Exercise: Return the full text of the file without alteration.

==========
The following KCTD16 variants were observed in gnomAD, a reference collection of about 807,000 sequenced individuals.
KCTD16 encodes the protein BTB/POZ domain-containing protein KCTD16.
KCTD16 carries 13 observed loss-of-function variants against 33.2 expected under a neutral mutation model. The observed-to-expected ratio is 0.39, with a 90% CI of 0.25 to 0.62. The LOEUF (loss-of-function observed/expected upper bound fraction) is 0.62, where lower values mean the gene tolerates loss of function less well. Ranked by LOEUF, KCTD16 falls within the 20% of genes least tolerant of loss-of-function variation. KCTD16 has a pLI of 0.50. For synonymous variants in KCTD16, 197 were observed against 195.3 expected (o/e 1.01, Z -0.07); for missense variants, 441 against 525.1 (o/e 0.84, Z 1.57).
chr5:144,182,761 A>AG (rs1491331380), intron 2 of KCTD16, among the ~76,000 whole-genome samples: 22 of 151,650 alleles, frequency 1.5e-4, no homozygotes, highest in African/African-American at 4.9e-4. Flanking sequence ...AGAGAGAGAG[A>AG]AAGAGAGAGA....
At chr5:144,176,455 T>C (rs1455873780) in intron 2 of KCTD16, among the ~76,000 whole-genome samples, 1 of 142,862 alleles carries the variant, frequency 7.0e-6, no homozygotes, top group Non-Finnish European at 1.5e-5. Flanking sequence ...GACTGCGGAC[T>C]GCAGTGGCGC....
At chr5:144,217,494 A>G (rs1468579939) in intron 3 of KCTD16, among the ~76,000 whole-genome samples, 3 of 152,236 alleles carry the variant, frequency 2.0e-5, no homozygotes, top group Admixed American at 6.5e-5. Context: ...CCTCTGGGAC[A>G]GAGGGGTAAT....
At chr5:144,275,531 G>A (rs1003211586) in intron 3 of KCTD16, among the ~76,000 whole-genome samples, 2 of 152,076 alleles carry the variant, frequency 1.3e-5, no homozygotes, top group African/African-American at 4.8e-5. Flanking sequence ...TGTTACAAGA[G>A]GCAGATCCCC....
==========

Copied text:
The following KCTD16 variants were observed in gnomAD, a reference collection of about 807,000 sequenced individuals.
KCTD16 encodes the protein BTB/POZ domain-containing protein KCTD16.
KCTD16 carries 13 observed loss-of-function variants against 33.2 expected under a neutral mutation model. The observed-to-expected ratio is 0.39, with a 90% CI of 0.25 to 0.62. The LOEUF (loss-of-function observed/expected upper bound fraction) is 0.62, where lower values mean the gene tolerates loss of function less well. Ranked by LOEUF, KCTD16 falls within the 20% of genes least tolerant of loss-of-function variation. KCTD16 has a pLI of 0.50. For synonymous variants in KCTD16, 197 were observed against 195.3 expected (o/e 1.01, Z -0.07); for missense variants, 441 against 525.1 (o/e 0.84, Z 1.57).
chr5:144,182,761 A>AG (rs1491331380), intron 2 of KCTD16, among the ~76,000 whole-genome samples: 22 of 151,650 alleles, frequency 1.5e-4, no homozygotes, highest in African/African-American at 4.9e-4. Flanking sequence ...AGAGAGAGAG[A>AG]AAGAGAGAGA....
At chr5:144,176,455 T>C (rs1455873780) in intron 2 of KCTD16, among the ~76,000 whole-genome samples, 1 of 142,862 alleles carries the variant, frequency 7.0e-6, no homozygotes, top group Non-Finnish European at 1.5e-5. Flanking sequence ...GACTGCGGAC[T>C]GCAGTGGCGC....
At chr5:144,217,494 A>G (rs1468579939) in intron 3 of KCTD16, among the ~76,000 whole-genome samples, 3 of 152,236 alleles carry the variant, frequency 2.0e-5, no homozygotes, top group Admixed American at 6.5e-5. Context: ...CCTCTGGGAC[A>G]GAGGGGTAAT....
At chr5:144,275,531 G>A (rs1003211586) in intron 3 of KCTD16, among the ~76,000 whole-genome samples, 2 of 152,076 alleles carry the variant, frequency 1.3e-5, no homozygotes, top group African/African-American at 4.8e-5. Flanking sequence ...TGTTACAAGA[G>A]GCAGATCCCC....